When it comes to electricity, we all want it. We all need it. We keep creating more and more items that use it to make our lives easier or more fun or more efficient. However, I can’t help but think where is all of that extra electricity we use going to come from?
As it is, there are cities, even whole states, that consistently use more electricity than they can generate on their own. Building new power plants of any type (using alternative or conventional means of making electricity) is difficult because while everyone wants to reap the benefits (including myself) no one wants a new power plant in their backyard because it can mess with property values.
For now, the best course of action may be to collectively use what electricity we have a little more wisely. This is difficult, even for me. I really don’t know how much electricity I’m using until long after I’ve used it - at the end of the month when I get my bill.
One method is for electric companies, like mine, American Electric Power (AEP) to use gridSMART smart meter and grid technology to reduce electricity consumption and improve system wide delivery and performance. It would mean having a smart meter, a Programmable Communicating Thermostat, and eventually appliances with smart chips in your home. That way, you can check your use in real time on line, be billed for your use at a flexible billing rate, and make adjustments as you see fit.
A conventional electric meter next to a digital smart meter
It sounds great! I also like that the gridSMART technology runs on auto pilot much like my current programmable thermostat. The only difference is that unlike my current programmable thermostat (which I learned that most people don’t use because programming them can be a pain) the Programmable Communicating Thermostat is easier to program. The Programmable Communicating Thermostat and smart chip appliances would also send information back to AEP about my use during peak use times such as sweltering summer days and allow AEP to lower my temperatures a notch to prevent a system overload or brown out.
That last part sounded a little Big Brother to Husband. Because as much as we like saving electricity and having a lower than normal electric bill, we hate people telling us what we have to do in our own home. Husband also wondered what prevents someone from reducing the refrigerator’s electrical use to the point it makes ice cream melt because they want to be mean.
I was invited to a blogger lunch and presentation sponsored by AEP, Mom Central Consulting , and Silver Spring to discuss AEP’s gridSMART program and get some answers to Husband’s questions.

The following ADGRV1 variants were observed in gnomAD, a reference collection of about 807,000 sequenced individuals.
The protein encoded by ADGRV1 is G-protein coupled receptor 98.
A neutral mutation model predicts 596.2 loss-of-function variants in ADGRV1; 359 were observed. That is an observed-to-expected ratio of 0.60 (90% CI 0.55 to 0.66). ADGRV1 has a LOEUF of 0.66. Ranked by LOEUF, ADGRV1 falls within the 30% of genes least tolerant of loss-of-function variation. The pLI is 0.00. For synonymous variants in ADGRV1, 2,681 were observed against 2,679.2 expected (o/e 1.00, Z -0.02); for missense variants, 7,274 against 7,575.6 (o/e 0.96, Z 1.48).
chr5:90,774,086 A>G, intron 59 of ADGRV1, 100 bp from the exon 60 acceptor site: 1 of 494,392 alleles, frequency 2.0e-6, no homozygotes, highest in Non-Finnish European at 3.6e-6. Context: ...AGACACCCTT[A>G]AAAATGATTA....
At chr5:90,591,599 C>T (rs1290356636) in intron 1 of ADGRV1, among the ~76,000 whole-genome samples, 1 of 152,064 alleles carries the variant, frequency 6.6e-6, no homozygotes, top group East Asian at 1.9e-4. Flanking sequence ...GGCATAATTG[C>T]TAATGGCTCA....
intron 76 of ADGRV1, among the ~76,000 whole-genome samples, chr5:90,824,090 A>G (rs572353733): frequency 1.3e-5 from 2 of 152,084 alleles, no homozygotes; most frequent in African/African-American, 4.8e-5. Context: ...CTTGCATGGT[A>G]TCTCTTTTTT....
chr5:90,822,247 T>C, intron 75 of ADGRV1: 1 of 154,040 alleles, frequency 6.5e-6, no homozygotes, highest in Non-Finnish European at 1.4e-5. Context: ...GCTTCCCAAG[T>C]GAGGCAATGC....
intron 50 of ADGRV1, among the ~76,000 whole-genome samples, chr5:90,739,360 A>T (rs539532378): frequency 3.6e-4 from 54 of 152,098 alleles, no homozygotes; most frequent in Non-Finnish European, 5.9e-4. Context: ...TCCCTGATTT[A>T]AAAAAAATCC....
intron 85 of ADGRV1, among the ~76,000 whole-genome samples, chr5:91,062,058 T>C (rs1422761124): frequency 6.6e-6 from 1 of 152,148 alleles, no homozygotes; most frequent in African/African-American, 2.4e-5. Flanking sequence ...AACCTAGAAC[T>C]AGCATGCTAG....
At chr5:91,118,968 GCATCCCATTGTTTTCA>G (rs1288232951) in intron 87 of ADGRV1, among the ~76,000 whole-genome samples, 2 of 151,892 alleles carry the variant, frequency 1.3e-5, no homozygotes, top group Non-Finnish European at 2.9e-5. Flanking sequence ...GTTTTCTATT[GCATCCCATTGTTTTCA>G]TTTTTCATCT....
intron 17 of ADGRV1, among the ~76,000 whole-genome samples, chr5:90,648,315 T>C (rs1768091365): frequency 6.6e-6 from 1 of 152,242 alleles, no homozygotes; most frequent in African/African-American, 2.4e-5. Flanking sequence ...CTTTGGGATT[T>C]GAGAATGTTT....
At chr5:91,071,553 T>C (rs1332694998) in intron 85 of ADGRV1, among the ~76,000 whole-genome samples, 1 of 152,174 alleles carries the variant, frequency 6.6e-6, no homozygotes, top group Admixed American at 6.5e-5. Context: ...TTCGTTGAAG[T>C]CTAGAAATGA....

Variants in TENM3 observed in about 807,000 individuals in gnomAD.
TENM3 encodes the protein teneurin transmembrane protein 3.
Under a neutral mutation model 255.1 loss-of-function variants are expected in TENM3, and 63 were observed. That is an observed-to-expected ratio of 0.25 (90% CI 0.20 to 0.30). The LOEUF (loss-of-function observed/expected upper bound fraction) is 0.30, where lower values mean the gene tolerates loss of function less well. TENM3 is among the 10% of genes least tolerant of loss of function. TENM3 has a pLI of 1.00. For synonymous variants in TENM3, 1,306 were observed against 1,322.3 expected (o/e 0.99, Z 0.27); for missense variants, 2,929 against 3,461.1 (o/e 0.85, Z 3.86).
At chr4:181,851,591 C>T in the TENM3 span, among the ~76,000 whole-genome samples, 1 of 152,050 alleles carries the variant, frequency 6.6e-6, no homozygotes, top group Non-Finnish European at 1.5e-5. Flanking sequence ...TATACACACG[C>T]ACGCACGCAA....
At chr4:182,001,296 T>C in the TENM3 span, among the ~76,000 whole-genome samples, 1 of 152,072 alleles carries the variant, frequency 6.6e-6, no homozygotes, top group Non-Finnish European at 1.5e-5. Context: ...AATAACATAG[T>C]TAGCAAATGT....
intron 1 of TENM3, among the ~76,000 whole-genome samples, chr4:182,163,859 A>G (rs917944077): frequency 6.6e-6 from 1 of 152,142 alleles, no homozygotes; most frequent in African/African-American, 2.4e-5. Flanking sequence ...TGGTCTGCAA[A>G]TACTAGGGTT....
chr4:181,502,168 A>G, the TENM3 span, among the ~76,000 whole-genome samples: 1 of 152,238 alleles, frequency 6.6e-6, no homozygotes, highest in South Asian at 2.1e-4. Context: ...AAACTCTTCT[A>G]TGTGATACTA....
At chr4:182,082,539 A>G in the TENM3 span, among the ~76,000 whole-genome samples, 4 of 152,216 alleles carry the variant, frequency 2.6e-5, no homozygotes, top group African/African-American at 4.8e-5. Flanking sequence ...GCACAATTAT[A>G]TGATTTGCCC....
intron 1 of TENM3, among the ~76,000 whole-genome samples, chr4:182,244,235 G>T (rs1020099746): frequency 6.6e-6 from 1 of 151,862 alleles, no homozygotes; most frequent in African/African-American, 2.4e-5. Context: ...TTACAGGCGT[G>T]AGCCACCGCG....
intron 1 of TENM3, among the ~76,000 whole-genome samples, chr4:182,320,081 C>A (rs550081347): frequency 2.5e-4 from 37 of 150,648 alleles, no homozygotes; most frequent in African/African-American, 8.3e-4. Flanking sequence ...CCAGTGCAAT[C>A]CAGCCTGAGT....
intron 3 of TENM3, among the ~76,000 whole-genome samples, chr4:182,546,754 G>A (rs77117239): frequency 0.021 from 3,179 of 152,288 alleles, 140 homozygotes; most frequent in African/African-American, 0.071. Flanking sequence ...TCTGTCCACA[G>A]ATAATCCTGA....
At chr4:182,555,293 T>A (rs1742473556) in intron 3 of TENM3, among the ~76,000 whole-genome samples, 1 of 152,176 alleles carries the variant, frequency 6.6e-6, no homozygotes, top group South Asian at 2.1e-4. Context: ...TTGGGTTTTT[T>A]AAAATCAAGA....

AEP’s new gridSMART pilot program will install new Smart Meter’s on customer’s homes (sadly not in my area of the city.) Unlike the current mechanical meters, digital Smart Meters have encrypted wireless two way communication between your house and the electric company so no one can mess with or access your information. Besides the flexible billing rates and allowing customers to set up an alert when you move to a higher energy pricing tier, the smart meter will automatically alert AEP when there is a blackout.
Under the current system, at least three homes have to call it in before AEP knows that there is trouble. That last part made me sit up and take notice, because as you all know Mother Nature likes to send me blackouts. They build character.
Opt In, Opt Out GridSMART Programs
All of those services get me excited but in the interest of checking things out thoroughly I had to ask about some of the things that gave Husband a Big Brother like vibe. Mainly:
· “Offering consumers the option to receive a rebate in return for allowing AEP to send set back signals to a Programmable Communicating Thermostat during peak load conditions.
· In the future you will be able to control the energy usage of the appliances in your home through chip connected to your home area network. “ AKA: Smart chip appliances.
Fortunately, under AEP’s gridSMART program these options are opt in only. You are given a financial incentive in the form of a rebate to have the AEP Programmable Communicating Thermostat installed but if you don’t want it, you don’t have to have it.
In addition, even if you have it installed and say, you’re having a houseful of relatives over on a crazy hot summer day, you can override the temperature if AEP wants to lower your thermostat a notch or two. The same goes for the smart chip appliances – because who wants melty ice cream? Not me!
All changes need to be approved through the Public Utilities Commission (PUCO) before AEP rolls them out to their customers. So that lessens the chance that someone will be lowering your electrical use just to be spiteful to Not Going To Happen.
AEP Ohio is one of the first utilities to test this program. They tell me that gridSMART is the trend and something like it will eventually be coming to you. What do you think? Is it a money and energy saving tool or too intrusive?
Disclaimer: I wrote this post after attending an informational luncheon on behalf of Silver Spring Networks and Mom Central Consulting and received a gift bag and gift card as a thank you for taking the time to participate. This had no bearing on my opinions and all thoughts and opinions are my own. As you all well know, I can be highly opinionated.
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